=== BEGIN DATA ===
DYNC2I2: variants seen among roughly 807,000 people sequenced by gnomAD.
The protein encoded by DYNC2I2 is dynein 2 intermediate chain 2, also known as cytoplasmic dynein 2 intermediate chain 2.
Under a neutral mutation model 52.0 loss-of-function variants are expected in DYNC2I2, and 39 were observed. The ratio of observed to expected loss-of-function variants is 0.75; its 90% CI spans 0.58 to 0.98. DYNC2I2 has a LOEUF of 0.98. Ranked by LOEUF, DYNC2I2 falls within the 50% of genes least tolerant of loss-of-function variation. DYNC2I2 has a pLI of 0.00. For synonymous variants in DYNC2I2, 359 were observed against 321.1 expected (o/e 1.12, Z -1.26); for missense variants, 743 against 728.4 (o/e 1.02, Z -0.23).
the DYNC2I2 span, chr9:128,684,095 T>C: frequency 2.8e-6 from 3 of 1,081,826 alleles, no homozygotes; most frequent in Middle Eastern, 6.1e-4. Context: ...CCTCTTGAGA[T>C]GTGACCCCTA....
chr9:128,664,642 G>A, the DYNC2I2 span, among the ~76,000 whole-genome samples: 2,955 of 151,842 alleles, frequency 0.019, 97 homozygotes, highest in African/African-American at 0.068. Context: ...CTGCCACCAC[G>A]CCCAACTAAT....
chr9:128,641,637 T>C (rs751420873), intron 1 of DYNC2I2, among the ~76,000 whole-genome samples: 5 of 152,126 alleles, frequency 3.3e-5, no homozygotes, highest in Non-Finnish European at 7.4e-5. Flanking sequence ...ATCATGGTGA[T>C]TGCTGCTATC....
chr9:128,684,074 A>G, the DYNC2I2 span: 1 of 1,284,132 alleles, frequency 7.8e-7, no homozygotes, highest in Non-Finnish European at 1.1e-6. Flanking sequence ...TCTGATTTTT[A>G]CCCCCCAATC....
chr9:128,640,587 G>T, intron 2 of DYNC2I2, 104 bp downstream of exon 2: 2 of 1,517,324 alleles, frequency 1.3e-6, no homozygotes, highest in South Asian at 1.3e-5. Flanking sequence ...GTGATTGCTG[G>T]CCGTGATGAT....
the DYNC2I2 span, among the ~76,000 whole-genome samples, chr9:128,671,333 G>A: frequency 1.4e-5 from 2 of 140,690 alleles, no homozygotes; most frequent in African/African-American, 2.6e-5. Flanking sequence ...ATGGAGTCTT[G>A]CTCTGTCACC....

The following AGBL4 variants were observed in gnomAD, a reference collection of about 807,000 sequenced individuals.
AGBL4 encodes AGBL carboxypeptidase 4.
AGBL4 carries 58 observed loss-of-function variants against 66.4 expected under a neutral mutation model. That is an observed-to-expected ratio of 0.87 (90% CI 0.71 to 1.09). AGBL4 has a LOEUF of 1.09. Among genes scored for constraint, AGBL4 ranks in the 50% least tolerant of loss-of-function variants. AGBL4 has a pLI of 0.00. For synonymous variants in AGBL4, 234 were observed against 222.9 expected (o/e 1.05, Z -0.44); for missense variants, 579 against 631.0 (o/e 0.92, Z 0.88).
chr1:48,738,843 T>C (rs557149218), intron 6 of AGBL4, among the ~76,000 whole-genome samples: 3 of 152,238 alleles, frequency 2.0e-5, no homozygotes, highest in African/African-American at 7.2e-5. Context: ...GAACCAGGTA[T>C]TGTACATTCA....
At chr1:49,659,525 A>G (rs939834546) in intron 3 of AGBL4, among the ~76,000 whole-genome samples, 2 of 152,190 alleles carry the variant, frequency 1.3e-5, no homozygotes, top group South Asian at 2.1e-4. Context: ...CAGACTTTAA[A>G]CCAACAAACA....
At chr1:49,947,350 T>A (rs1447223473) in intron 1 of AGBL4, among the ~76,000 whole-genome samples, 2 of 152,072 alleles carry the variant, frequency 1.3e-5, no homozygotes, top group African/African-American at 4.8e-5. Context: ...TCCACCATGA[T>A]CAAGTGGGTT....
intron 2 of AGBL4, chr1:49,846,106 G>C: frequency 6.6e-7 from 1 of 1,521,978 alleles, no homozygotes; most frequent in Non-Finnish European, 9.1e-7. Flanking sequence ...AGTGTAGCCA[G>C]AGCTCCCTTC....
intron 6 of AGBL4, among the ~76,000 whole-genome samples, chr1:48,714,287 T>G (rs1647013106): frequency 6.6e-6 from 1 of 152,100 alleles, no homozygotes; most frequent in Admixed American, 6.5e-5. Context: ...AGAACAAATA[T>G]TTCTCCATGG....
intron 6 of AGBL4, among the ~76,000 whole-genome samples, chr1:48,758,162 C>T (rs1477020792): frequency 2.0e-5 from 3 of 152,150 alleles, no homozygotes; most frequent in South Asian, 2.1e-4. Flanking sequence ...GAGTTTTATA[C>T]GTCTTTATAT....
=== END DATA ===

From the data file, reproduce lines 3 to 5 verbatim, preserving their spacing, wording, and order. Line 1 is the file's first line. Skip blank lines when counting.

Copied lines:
Under a neutral mutation model 52.0 loss-of-function variants are expected in DYNC2I2, and 39 were observed. The ratio of observed to expected loss-of-function variants is 0.75; its 90% CI spans 0.58 to 0.98. DYNC2I2 has a LOEUF of 0.98. Ranked by LOEUF, DYNC2I2 falls within the 50% of genes least tolerant of loss-of-function variation. DYNC2I2 has a pLI of 0.00. For synonymous variants in DYNC2I2, 359 were observed against 321.1 expected (o/e 1.12, Z -1.26); for missense variants, 743 against 728.4 (o/e 1.02, Z -0.23).
the DYNC2I2 span, chr9:128,684,095 T>C: frequency 2.8e-6 from 3 of 1,081,826 alleles, no homozygotes; most frequent in Middle Eastern, 6.1e-4. Context: ...CCTCTTGAGA[T>C]GTGACCCCTA....
chr9:128,664,642 G>A, the DYNC2I2 span, among the ~76,000 whole-genome samples: 2,955 of 151,842 alleles, frequency 0.019, 97 homozygotes, highest in African/African-American at 0.068. Context: ...CTGCCACCAC[G>A]CCCAACTAAT....